MIT researchers have proven that regions of the brain can take a snooze even while you’re conscious. The team of neuroscientists have figured out that a circuit originating in the thalamic reticular nucleus (TRN) can cause individual sections of your brain to either become less alert or fall completely asleep, independently of the regions surrounding it. It goes some way to explaining why many of us occasionally zone out during conversations.
“Until now, most sleep research has focused on global control of sleep, which occurs when the entire brain is awash in slow waves — oscillations of brain activity created when sets of neurons are silenced for brief periods,” reads the report. “The researchers believe the TRN fine-tunes the brain’s control over local brain regions, enhancing or reducing slow waves in certain regions so those areas can communicate with each other, or inducing some areas to become less alert when the brain is very drowsy.”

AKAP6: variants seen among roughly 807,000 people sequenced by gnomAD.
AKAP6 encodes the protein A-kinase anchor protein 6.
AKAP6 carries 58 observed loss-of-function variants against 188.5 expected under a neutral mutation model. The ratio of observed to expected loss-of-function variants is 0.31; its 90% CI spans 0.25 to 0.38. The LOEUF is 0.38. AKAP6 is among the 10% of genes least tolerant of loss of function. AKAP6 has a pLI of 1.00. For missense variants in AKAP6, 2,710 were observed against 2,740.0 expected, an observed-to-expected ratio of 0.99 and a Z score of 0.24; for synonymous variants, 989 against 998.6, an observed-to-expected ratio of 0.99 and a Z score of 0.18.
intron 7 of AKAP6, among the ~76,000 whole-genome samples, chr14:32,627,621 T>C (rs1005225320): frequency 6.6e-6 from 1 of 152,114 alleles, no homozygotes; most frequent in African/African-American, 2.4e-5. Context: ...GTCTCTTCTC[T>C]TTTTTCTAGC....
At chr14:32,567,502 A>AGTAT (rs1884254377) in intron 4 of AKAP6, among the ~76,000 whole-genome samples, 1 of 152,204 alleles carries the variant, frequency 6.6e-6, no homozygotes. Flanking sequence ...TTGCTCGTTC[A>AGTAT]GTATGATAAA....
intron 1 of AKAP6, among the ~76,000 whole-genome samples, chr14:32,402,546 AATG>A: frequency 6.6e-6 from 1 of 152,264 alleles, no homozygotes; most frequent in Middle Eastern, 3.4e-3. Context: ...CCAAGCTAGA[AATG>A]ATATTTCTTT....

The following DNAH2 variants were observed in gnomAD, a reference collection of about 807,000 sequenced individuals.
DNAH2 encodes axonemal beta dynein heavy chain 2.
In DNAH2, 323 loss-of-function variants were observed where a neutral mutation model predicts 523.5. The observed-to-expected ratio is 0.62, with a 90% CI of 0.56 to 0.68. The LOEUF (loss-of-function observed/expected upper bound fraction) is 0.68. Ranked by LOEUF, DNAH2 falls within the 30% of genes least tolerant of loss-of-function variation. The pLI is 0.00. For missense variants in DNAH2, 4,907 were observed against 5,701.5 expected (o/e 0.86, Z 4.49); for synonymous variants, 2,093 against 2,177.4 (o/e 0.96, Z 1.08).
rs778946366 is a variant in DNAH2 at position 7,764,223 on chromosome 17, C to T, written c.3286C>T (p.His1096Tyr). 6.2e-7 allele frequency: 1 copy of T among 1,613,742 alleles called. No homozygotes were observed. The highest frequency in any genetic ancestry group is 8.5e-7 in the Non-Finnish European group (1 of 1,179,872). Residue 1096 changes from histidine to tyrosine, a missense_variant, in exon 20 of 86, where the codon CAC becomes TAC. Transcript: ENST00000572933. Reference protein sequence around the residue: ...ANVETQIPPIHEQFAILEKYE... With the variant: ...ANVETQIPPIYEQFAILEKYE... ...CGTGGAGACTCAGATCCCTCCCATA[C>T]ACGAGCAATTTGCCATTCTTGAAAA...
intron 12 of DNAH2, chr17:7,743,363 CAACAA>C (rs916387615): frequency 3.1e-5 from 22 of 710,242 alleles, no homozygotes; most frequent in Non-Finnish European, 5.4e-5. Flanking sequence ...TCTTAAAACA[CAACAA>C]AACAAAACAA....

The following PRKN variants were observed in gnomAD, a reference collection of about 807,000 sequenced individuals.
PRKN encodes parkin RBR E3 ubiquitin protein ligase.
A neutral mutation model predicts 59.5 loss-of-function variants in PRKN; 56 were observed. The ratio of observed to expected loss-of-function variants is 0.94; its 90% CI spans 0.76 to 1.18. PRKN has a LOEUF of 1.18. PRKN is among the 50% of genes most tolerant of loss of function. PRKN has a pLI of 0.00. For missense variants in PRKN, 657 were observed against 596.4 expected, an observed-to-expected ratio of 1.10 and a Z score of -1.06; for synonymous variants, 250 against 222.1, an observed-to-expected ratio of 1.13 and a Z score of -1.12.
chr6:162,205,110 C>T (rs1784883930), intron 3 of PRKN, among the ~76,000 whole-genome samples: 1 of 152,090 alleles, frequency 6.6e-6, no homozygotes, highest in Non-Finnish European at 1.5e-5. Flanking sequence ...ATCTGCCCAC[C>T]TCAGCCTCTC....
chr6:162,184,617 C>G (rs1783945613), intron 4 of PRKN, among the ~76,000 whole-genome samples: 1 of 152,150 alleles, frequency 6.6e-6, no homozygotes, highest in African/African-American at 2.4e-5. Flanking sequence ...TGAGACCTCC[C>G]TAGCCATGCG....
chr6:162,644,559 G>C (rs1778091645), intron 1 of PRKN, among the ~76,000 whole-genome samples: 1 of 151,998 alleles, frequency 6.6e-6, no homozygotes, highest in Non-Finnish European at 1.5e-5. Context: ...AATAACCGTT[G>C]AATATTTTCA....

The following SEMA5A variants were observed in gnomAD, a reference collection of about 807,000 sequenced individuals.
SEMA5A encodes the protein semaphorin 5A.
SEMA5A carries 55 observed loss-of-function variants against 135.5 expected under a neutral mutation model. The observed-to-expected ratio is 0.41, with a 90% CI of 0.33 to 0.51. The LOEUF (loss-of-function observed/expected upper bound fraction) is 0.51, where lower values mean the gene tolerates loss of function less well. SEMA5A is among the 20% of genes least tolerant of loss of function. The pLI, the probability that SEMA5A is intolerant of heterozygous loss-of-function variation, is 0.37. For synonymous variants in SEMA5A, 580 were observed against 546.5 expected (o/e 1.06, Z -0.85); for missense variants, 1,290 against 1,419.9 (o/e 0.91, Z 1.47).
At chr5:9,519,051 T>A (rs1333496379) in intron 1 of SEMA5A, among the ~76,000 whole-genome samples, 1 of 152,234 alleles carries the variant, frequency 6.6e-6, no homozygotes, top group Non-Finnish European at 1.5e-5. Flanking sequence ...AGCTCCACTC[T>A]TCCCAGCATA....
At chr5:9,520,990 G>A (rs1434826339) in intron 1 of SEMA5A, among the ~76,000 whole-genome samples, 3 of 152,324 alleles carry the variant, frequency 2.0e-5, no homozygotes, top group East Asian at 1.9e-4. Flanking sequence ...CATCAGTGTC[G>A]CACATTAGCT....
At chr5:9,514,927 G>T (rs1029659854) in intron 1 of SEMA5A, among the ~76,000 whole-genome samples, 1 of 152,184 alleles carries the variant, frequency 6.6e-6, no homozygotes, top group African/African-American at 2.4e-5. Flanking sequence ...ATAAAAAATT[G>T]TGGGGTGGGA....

The group used optogenetics to reach its conclusion, using DNA from algae to make mice brains react to light. They then used lasers to target various parts of the brains, recording their findings. We've long known that certain animals, such as ducks and dolphins, are able to rest one part of their brain independently from the other, but humans were previously believed to fall into the all or nothing category.
Intriguing as this is, what does it all actually mean? In short, insomniacs should be buzzing. The breakthrough could lead to the development of drugs that could induce a more natural-feeling, non-REM-like sleep. [MIT]